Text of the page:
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Why You Need A CFO 

Podcast hosted by Dawn Sitzer and 3rd Element Consuting 

Transcript 

Announcer:

Welcome to Rebel Executives, The Podcast where everyone has a story about a rebellion, it might be a small risk that ended up shaping the way you do business or maybe it's the day you rage quit your job and started an empire. Together with other revolutionaries, we'll learn how to grow your business and avoid costly mistakes because let's face it, none of us got it right the first time. Now let's join the Rebellion with our host Dawn Sizer.

Dawn (host):

My guest on this episode founded a company to offer fractional CFO services to women-owned small businesses. For nearly 14 years she did senior level financial planning and analysis for Fortune 500 companies. She got to see firsthand how big companies use financial information to drive their companies forward. She then started her own company, NewCastle Finance, because she wanted to offer that same powerful financial insight to women owned businesses. Now she helps business owners get clear on their numbers and their financial strategy. They can feel confident in making the decisions that result in a thriving business. Please welcome financial puzzle solver, Kathy Svetina.

Kathy (guest):

Thanks so much, Dawn. I'm really happy to be here.

Dawn (host):

Well, thanks so much for coming. I was so excited when I found out that you dealt almost, is it completely exclusively with women-owned business?

Kathy (guest):

Yes.

Dawn (host):

All right.

 

Kathy (guest):

Women only.

Dawn (host):

That is awesome. That's so exciting to hear, one, because I own a women owned business, but it's not usual to find that woman to woman business going on out there and even asking for it is actually pretty difficult. How did you decide that, "Well, you know what? I'm just going to service women instead of any business that's out there," because that really kind of niches you down hardcore.

Kathy (guest):

Yeah, it really does. But, well, there's two reasons. First of all is, I was in the Fortune 500 companies for so many years and what really bothered me that all these companies have all these resources available to them to actually take care of their finances. I mean, you have the apartments upon the apartments. You've tax strategy people, the financial planning and analysis people, the treasury departments and small businesses are really left to their own. In what I've also saw that when the finance departments there's not a lot of women there. I would be in a table and sitting at a table, it'd be mostly men. Then when you go and you translate that into the world for the small businesses, it's like no one's really doing that high level strategy work that there's a lot of women doing that type of stuff.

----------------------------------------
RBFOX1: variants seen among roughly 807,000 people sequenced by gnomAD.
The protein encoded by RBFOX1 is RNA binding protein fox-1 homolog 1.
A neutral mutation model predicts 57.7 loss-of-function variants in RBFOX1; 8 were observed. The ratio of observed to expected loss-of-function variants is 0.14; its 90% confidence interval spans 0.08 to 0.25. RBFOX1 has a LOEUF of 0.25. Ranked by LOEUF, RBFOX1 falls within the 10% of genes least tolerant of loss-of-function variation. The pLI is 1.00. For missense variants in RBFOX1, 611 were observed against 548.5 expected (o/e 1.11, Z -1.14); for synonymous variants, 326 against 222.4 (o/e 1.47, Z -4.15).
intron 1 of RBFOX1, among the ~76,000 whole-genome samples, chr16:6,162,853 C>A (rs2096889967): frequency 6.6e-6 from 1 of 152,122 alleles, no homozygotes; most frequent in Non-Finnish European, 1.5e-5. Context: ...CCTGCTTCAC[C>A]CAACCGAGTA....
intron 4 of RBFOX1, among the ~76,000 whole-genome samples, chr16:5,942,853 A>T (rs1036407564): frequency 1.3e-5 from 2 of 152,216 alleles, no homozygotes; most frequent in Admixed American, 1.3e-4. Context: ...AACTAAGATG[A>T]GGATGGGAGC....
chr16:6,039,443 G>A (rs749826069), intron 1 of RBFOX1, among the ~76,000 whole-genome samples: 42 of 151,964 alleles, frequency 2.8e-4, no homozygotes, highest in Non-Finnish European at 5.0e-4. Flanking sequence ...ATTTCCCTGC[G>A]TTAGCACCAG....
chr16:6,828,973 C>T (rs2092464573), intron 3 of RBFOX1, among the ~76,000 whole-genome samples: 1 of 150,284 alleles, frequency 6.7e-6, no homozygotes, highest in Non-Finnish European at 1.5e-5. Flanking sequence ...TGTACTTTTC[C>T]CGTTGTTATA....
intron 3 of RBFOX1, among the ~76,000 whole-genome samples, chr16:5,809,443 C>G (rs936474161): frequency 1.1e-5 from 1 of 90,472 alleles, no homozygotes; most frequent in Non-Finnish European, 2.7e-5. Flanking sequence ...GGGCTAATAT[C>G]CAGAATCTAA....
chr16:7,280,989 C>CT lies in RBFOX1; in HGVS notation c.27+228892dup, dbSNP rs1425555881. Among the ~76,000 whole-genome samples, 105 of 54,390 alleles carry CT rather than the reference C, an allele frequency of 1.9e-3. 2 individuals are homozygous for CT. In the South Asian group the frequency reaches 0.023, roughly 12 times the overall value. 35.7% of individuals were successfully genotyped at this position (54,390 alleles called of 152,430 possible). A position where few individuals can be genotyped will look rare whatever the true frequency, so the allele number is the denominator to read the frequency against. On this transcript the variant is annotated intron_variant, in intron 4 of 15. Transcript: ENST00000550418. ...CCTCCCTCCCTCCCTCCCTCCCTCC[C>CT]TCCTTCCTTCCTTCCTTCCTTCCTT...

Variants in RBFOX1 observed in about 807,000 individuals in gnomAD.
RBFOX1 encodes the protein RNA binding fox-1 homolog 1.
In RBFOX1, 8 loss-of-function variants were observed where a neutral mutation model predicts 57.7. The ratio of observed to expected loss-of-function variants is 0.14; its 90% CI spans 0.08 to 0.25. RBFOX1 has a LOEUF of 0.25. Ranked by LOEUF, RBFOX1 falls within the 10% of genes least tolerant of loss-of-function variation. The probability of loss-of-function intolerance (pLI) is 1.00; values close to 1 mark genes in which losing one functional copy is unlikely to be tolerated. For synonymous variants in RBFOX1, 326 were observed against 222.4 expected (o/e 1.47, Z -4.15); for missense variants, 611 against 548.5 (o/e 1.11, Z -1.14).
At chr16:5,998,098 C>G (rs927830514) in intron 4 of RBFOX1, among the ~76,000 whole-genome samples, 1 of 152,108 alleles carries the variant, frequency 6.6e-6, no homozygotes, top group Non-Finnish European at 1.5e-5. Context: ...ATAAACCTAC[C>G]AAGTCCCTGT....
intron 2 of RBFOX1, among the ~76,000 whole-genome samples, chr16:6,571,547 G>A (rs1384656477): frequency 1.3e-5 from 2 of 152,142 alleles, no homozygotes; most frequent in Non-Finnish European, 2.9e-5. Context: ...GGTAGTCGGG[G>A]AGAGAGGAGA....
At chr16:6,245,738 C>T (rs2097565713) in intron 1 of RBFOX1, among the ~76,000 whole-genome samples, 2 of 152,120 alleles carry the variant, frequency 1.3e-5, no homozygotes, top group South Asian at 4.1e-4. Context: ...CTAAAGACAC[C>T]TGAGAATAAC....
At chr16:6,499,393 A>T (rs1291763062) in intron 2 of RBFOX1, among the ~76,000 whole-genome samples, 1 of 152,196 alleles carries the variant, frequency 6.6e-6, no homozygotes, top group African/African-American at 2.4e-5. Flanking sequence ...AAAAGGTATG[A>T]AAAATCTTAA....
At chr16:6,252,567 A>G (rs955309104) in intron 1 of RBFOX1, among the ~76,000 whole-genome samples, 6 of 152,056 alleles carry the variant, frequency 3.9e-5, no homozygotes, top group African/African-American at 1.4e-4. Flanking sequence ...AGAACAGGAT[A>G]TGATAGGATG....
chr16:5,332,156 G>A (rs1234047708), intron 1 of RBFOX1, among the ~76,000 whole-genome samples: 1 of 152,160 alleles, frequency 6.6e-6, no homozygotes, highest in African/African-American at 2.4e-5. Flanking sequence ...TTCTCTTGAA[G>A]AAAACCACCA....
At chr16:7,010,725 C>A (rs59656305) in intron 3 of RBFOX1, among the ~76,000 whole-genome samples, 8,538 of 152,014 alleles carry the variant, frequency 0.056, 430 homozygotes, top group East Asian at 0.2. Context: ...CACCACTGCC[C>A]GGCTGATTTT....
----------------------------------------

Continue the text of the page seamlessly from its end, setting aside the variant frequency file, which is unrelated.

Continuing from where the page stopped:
Kathy (guest):

What I really wanted to offer women to have someone that's been in those positions before, has all that experience, had all that strategy and it's able to relate to them in a way that it's on a personal level as well. I really wanted to do that for them. The second thing, what I also wanted to do was, and it really bothered me too, is that it's really hard for women to raise up in the corporate ladder. What I said, "You know what? Forget the corporate ladder, where you going to make their own ladder." The way to do that is to build your own company. To do that, you have to understand the numbers, you have to use them wisely so that you can go from a business owner to a CEO of your own company.

Dawn (host):

Which is a really difficult process. I mean, extremely difficult process because being a worker is one thing and that's great, and understanding of business is good too, as a manager. Then understanding it has that sea level is completely different, and then stepping into an owner shoes is something completely outside of all of that as well. I mean, if you've never done it before, you kind of go from zero to a hundred literally overnight, and it is a scary world and it is a lonely world.